How are you? Can't put a YOU in a sentence, why? please help.


How can you manage without placing a YOU here and there. I am confused and would appreciate some help. 


Following is what I get from Grammarly,


Review this sentence for personal pronouns
The personal pronoun, “you”, may not be appropriate for formal writing. Consider removing this pronoun, and rephrasing your sentence.

Formal writing should be impersonal, so personal pronouns – possessive or otherwise- are generally not used. Personal pronouns (i.e. I, you, we, my, mine, your, yours, our, ours) assume the information in your writing applies only to specific readers. By using impersonal pronouns (he, she, one, they, his, him, her, one’s, their), any reader may make their own personal connections to the information being discussed.

you asked Sep 29 '12 at 19:21 Aviv Ben David New member

3 answers


Remember: All writing advice is "advice." As the author, your job is to decide how to act on that advice.

If you are writing fiction and use "you" in a sentence such as, "How are you?" then—clearly—no other word will do the job.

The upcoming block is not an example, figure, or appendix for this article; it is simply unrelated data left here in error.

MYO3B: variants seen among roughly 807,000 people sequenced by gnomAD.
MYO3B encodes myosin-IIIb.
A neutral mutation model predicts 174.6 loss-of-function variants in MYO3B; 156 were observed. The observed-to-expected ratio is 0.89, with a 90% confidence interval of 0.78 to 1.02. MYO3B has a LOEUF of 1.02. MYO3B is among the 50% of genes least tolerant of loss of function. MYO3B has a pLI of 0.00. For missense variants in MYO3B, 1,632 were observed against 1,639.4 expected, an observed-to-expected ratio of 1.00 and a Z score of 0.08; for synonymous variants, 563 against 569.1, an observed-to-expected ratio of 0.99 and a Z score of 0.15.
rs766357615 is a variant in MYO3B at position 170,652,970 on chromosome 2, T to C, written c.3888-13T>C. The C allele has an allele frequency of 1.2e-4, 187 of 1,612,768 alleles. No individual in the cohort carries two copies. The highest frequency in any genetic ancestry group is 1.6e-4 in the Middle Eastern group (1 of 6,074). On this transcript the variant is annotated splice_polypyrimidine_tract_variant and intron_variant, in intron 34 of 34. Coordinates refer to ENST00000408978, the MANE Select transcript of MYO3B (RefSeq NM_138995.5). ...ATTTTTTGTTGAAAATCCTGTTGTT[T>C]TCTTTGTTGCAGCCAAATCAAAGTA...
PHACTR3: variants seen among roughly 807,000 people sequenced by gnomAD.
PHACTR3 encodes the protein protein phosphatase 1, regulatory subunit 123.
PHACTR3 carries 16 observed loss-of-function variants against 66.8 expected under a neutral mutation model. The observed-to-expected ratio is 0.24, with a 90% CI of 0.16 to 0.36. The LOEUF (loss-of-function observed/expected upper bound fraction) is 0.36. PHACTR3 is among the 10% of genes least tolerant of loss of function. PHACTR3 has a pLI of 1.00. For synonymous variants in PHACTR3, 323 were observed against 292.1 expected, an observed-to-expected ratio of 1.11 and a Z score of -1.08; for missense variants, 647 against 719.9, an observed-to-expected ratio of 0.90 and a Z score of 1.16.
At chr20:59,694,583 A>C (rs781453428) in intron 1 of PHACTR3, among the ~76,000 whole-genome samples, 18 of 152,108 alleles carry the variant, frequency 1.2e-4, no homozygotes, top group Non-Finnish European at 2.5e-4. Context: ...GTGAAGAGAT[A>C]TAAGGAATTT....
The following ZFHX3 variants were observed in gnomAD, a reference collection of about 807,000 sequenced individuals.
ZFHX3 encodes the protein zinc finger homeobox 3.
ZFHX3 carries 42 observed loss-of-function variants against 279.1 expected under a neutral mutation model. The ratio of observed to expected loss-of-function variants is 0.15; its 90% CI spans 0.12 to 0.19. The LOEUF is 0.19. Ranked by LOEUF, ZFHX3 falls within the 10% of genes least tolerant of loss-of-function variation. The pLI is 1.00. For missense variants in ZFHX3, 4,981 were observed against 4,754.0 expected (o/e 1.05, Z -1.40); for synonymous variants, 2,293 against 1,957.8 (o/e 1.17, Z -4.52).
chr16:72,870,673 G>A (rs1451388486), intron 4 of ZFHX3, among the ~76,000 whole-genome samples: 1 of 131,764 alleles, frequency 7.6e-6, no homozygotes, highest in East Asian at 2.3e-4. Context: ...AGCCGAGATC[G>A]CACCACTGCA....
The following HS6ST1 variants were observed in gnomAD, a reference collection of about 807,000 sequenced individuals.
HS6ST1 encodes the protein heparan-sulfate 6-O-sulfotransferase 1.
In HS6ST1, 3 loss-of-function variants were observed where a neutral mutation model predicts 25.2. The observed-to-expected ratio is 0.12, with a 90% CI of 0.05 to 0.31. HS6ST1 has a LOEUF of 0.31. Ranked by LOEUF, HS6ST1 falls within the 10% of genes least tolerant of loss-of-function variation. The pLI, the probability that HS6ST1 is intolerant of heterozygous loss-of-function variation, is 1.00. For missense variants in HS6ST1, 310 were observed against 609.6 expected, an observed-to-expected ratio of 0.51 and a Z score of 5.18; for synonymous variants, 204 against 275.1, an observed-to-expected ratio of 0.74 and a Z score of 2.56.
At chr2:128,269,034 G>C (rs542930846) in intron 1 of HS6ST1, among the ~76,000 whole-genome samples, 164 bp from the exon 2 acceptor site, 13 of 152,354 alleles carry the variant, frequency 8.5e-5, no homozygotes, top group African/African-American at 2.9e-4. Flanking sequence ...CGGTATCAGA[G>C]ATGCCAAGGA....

But if you're writing critical prose and say something like, "The ending of Shirley Jackson's story 'The Lottery' shocks you," then your prose will be much better if you follow the Grammarly advice and revise the sentence to read, "The ending of Shirley Jackson's story 'The Lottery' shocks the reader."

In other words, don't use "you" when you really mean a hypothetical person in general.

link comment answered Sep 29 '12 at 20:26 d.s.koelling New member

If you are writing informally or writing dialogue, using "you" is fine. What Grammarly is saying is that in academic writing, you do not use first or second person.

link comment answered Sep 30 '12 at 01:38 Brownii Contributor

When writing, you can switch out the use of pronouns for descriptive roles or simple references.  


Instead of using you in a sentence, depending on the situation, you could write:  one, an individual, the [insert role] (examples - reader, participant, viewer, etc.).  

link comment answered Sep 30 '12 at 01:53 Kim Jackson New member

Your answer

Write at least 20 characters

Have a question about English grammar, style or vocabulary use? Ask now to get help from Grammarly experts for FREE.